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Vice-Chancellor Professor Harlene Hayne said the university strongly recommended e-scooter users wear helmets and was making them available to borrow from a range of locations across campus, including residential colleges.
"University branded helmets will also be available to purchase from campus retail shops.''
Prof Hayne said the Dunedin campus was considered a pedestrian precinct and users of e-scooters, skate-boards and bikes were expected to dismount and walk.
"Additionally, the campus will be geo-fenced as a "no park'' zone for Lime scooters. Acceptable parking hotspots will be designated on the campus perimeter.''
For everyone's safety, scooters would be locked out between 12am and 5am every night, she said.
As the university welcomes students back for the 2019 academic year, Professor Hayne provided other advice to ensure their experiences were both "fun and safe''.
"Students come to Otago from across New Zealand and the world, to receive not only a world-class education, but to have a safe and enjoyable student experience.
"Look after yourself and look after your friends. Be a good bystander.
"Call out bad behaviour when you see it. Call out people who put themselves or others or our environment at risk.
"Treat each other and our community with respect.''
Campus Watch, which works 24/7 in the North Dunedin community, offers pastoral care to the university community, including a free walk home service, a Safety Patrol, and assistance as and when required 365 days of the year.
The Safety Patrol covers the student flatting area, ensuring the streets and house frontages are clean and tidy, proactively discouraging criminals from frequenting the area, and ensuring student behaviour is kept to a reasonable level.
The university also has its own Campus Cop who acts as a vital link between the police, university students/staff and the community.
To maximise the safety of the community, the university has a Code of Student Conduct, allowing it to proactively address student behaviour without involving the court system.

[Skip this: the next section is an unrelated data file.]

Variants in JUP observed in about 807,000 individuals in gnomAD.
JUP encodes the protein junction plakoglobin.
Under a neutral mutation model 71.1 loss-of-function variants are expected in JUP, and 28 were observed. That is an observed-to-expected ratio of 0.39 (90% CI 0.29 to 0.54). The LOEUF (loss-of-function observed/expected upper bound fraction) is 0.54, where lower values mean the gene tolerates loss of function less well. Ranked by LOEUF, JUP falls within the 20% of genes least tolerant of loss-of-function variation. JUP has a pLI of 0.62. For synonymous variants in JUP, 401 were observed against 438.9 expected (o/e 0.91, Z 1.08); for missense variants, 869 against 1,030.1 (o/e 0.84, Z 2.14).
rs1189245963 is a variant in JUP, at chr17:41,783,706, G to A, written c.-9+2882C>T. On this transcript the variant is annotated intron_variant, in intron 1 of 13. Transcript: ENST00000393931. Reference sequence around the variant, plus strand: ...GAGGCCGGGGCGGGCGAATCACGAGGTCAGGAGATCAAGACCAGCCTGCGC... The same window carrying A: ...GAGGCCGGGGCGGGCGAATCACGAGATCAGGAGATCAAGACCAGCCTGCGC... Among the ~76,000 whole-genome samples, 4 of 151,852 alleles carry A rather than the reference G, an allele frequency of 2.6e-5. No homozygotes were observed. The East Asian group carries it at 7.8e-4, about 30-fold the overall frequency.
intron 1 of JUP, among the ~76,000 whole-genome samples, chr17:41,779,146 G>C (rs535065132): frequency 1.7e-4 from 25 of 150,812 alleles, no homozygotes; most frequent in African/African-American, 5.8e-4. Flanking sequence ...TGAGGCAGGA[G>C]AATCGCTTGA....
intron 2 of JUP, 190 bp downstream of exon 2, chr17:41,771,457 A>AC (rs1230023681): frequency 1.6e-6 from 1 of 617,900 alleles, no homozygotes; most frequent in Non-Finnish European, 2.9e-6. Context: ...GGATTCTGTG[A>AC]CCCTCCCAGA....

The common-sense rules that form the Code of Student Conduct are distributed to every incoming student, and are available for review on the university's website.
Breaching these rules may result in consequences, including fines or community work, or exclusion from the university.
North Dunedin is often targeted by thieves looking for flats with relaxed security. Deterring them can be as simple as making sure the last person to leave the house, locks the door.
Campus Watch has free UV pens available to mark valuables if required.
Health and wellbeing
Student Health provides a comprehensive range of primary health care services including doctor, nurse, mental health and well-being, and psychiatry appointments. It works within the university, but is also independent so confidentiality is assured.
The university strongly recommends all students, particularly those living in residential colleges, be vaccinated against meningococcal disease. Vaccinations are available at Student Health.
Te Whare Tawharau is a sexual violence support and prevention centre for the university student community. It provides support, advocacy, education and research related to sexual violence on campus.
A walk-in centre is available for any student impacted by sexual violence. The centre is staffed with trained volunteers who will listen, and who can provide information and referrals for additional support.
As well as conducting workshops in residential colleges, Te Whare Tawharau also offers training for handling issues related to sexual violence.
The centre works in collaboration with other relevant services on campus, including Student Health, Disability Information and Support, University Volunteering and the Proctor's office.